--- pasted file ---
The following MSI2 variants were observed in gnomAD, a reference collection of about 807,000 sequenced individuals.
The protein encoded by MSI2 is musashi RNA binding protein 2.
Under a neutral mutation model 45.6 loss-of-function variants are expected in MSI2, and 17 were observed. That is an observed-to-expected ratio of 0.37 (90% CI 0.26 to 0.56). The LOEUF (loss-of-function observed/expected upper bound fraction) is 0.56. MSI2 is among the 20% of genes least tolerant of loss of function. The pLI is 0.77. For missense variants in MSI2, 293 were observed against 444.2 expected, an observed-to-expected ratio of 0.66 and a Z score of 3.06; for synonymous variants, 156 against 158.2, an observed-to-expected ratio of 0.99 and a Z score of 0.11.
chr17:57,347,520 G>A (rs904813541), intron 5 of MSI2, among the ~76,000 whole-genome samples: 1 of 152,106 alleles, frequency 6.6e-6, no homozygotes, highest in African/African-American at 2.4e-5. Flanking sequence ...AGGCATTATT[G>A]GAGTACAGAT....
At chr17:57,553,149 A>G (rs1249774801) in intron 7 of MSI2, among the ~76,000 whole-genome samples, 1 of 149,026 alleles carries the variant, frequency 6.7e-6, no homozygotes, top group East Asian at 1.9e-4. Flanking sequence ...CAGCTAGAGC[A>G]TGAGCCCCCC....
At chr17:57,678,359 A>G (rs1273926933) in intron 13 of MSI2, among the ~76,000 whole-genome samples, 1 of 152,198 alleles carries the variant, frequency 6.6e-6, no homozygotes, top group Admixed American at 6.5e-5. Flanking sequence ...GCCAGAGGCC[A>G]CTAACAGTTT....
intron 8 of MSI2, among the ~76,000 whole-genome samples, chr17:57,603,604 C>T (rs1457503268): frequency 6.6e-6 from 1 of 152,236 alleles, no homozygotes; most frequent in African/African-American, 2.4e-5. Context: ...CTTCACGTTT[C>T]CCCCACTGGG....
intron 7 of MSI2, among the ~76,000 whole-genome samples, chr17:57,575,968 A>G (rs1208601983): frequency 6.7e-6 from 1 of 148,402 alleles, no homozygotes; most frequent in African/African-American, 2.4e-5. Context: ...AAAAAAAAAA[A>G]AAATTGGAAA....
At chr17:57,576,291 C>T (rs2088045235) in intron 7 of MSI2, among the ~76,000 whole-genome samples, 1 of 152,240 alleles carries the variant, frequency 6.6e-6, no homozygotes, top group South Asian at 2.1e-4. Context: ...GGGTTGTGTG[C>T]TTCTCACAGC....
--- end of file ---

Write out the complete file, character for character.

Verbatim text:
The following MSI2 variants were observed in gnomAD, a reference collection of about 807,000 sequenced individuals.
The protein encoded by MSI2 is musashi RNA binding protein 2.
Under a neutral mutation model 45.6 loss-of-function variants are expected in MSI2, and 17 were observed. That is an observed-to-expected ratio of 0.37 (90% CI 0.26 to 0.56). The LOEUF (loss-of-function observed/expected upper bound fraction) is 0.56. MSI2 is among the 20% of genes least tolerant of loss of function. The pLI is 0.77. For missense variants in MSI2, 293 were observed against 444.2 expected, an observed-to-expected ratio of 0.66 and a Z score of 3.06; for synonymous variants, 156 against 158.2, an observed-to-expected ratio of 0.99 and a Z score of 0.11.
chr17:57,347,520 G>A (rs904813541), intron 5 of MSI2, among the ~76,000 whole-genome samples: 1 of 152,106 alleles, frequency 6.6e-6, no homozygotes, highest in African/African-American at 2.4e-5. Flanking sequence ...AGGCATTATT[G>A]GAGTACAGAT....
At chr17:57,553,149 A>G (rs1249774801) in intron 7 of MSI2, among the ~76,000 whole-genome samples, 1 of 149,026 alleles carries the variant, frequency 6.7e-6, no homozygotes, top group East Asian at 1.9e-4. Flanking sequence ...CAGCTAGAGC[A>G]TGAGCCCCCC....
At chr17:57,678,359 A>G (rs1273926933) in intron 13 of MSI2, among the ~76,000 whole-genome samples, 1 of 152,198 alleles carries the variant, frequency 6.6e-6, no homozygotes, top group Admixed American at 6.5e-5. Flanking sequence ...GCCAGAGGCC[A>G]CTAACAGTTT....
intron 8 of MSI2, among the ~76,000 whole-genome samples, chr17:57,603,604 C>T (rs1457503268): frequency 6.6e-6 from 1 of 152,236 alleles, no homozygotes; most frequent in African/African-American, 2.4e-5. Context: ...CTTCACGTTT[C>T]CCCCACTGGG....
intron 7 of MSI2, among the ~76,000 whole-genome samples, chr17:57,575,968 A>G (rs1208601983): frequency 6.7e-6 from 1 of 148,402 alleles, no homozygotes; most frequent in African/African-American, 2.4e-5. Context: ...AAAAAAAAAA[A>G]AAATTGGAAA....
At chr17:57,576,291 C>T (rs2088045235) in intron 7 of MSI2, among the ~76,000 whole-genome samples, 1 of 152,240 alleles carries the variant, frequency 6.6e-6, no homozygotes, top group South Asian at 2.1e-4. Context: ...GGGTTGTGTG[C>T]TTCTCACAGC....